The recent military intervention in Mali has highlighted the growing links between marginalisation and the potential for large-scale political violence in West Africa. Over the past year, we have been warning about the danger of thinking that what is a fundamentally political problem in Mali can be solved by military means.
Following earlier evidence submitted to the House of Commons Defence Select Committee on British defence policy, our Sustainable Security Programme team have expanded on this in both oral and written evidence for the Foreign Affairs Select Committee. The evidence focuses on the UK’s response to violence and extremism in North and West Africa and argues that
a military-dominated approach that does not tackle the root causes of instability and conflict, will at best be unsuccessful, and at worst counterproductive.
The majority of commentary and debate about recent events in Mali have focused on the military dimension. However, the continued insecurity in spite of the military intervention highlights the need to go further and examine the political, socio-economic and cultural divisions that have sparked the instability.
The submission argues that
The UK’s strategy to fight extremism and political instability needs to, among other things:
- Understand the international links that make it possible for terrorist groups to receive financial support.
- Help increase and provide economic opportunities for the majority of populations living on the margins.
The rise of Islamism in the West and North African region is not solely, perhaps not even mainly, linked to religious fundamentalism. Increasingly, networks such as AQIM and Boko Haram tap into social grievances and present themselves as champions of mainstream causes, such as unemployment, health care and education, in order to attract followers.
In separate written evidence, our Global Security Consultant, Professor Paul Rogers, highlighted the wider context in which specific episodes of Islamist-inspired violence in Mali, Nigeria and elsewhere,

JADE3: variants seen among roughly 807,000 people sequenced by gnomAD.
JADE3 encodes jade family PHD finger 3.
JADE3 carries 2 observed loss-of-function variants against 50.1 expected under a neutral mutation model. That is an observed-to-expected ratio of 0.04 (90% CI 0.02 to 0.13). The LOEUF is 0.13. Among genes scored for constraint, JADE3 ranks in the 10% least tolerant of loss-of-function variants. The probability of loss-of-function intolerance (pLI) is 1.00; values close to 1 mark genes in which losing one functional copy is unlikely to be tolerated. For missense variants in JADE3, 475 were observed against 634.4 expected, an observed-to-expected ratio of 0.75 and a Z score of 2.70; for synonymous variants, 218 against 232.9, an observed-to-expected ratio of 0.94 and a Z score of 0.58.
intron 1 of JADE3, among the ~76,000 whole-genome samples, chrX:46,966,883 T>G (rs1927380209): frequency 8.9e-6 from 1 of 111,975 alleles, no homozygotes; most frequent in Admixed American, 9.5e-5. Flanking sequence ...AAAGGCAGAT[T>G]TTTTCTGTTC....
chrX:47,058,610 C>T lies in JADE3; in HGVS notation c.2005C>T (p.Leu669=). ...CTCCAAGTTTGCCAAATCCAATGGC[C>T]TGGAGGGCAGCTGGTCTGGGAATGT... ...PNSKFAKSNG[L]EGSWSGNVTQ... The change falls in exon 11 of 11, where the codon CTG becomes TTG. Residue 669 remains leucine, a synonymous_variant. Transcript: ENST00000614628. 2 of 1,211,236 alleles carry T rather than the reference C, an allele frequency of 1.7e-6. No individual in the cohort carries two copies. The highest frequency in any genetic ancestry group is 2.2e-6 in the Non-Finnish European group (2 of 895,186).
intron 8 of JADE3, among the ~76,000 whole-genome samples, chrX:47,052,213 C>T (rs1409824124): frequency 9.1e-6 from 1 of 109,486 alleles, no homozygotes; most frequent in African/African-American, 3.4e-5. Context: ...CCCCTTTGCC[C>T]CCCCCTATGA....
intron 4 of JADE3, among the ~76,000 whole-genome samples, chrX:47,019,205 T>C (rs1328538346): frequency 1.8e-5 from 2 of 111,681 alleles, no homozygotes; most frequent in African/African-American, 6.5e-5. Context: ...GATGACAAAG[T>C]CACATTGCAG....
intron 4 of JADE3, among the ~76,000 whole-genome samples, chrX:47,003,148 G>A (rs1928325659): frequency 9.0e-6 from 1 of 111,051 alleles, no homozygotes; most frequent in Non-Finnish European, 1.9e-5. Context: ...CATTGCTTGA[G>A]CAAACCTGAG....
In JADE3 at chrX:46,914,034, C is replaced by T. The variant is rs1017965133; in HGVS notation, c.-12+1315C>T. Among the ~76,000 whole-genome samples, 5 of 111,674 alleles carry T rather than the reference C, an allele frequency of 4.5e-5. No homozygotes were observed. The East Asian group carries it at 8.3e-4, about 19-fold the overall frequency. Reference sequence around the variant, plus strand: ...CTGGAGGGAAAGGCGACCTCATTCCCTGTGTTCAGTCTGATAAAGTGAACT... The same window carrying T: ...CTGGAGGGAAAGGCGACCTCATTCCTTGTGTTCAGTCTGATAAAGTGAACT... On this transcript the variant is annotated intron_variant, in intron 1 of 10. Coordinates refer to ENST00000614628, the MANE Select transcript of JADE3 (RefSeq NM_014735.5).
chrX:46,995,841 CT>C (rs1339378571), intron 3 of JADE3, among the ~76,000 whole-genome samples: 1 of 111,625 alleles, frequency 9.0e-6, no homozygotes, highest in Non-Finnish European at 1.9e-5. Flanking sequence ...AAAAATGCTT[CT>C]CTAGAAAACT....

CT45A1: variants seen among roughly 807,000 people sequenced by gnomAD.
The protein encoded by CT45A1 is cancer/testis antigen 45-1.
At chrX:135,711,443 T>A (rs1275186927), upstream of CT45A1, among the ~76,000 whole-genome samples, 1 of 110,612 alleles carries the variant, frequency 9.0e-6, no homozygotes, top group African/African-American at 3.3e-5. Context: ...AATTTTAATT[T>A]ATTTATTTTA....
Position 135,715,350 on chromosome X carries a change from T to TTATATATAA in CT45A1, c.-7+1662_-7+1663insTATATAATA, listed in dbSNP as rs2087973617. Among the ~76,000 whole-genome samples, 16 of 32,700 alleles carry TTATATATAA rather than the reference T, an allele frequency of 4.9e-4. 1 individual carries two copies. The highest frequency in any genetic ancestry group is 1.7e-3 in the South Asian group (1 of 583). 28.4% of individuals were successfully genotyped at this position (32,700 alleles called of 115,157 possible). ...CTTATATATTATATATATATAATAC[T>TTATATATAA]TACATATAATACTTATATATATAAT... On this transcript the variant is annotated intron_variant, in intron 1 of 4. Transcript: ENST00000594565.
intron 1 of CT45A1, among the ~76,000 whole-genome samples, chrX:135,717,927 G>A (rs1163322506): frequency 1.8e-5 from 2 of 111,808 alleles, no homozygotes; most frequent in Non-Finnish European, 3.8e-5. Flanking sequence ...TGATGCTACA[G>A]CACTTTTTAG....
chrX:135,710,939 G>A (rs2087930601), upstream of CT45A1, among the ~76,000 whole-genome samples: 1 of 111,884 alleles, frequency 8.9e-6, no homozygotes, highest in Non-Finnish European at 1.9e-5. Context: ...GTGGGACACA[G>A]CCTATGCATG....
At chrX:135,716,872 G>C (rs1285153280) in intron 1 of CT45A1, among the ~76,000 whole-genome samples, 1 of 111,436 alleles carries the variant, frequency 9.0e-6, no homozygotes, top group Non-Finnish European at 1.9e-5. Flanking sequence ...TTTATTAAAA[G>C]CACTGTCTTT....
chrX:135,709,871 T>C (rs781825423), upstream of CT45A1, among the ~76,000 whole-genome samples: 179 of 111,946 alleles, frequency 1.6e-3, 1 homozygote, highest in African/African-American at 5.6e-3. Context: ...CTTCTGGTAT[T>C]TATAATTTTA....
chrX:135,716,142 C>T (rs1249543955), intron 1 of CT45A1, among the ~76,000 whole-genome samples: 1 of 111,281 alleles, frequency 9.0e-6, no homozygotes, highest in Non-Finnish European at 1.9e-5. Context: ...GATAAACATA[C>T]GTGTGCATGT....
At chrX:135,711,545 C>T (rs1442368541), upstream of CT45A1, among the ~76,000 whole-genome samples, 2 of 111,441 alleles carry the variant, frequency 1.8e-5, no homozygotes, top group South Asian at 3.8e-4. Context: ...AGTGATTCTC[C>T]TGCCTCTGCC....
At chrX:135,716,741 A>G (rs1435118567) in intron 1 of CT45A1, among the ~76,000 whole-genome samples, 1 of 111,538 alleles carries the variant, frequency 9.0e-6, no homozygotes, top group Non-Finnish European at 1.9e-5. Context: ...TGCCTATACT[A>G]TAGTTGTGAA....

should also be seen in the context of the wider al-Qaida movement and its strong transnational perspective. While this movement was regarded until last year as being in serious retreat, this assumption should be treated with caution. Al-Qaida may no longer be a closely structured and integrated organisation but the idea is very much alive and retains a potency that may not be fully recognised.
In the submission and in a follow-up oral evidence session with the Committee, Paul Rogers stressed the need to counter the Islamist perspective by avoiding militarised responses to insecurity. In particular, Western states must understand the ways in which their actions are being portrayed by al-Qaida inspired groups:
What is perhaps most important, and often least recognised, is that new social media and 24-hour TV news channels, make it possible for any actions in any one part of the Islamic world to be presented as yet further proof of a crusader conspiracy against Islam, with this powerful narrative persistently supported by apparently disparate events. Thus, an armed drone strike in Pakistan, a Nigerian Army massacre of villagers, plans for a new US drone base in Niger ,or joint US/Israeli military operations, are all seen as part of a wider pattern of western oppression, persistently spread through the new social media.
The full written submissions can be viewed on the Committee’s website here:
Professor Paul Rogers’ oral evidence session can be viewed here:
- Prof Paul Rogers oral evidence
Read our earlier evidence submitted to the Defence Select Committee on British defence policy.
Image: Malian Airfield Protection Vehicle and Crew at Bamako, Mali. Source: UK Ministry of Defence.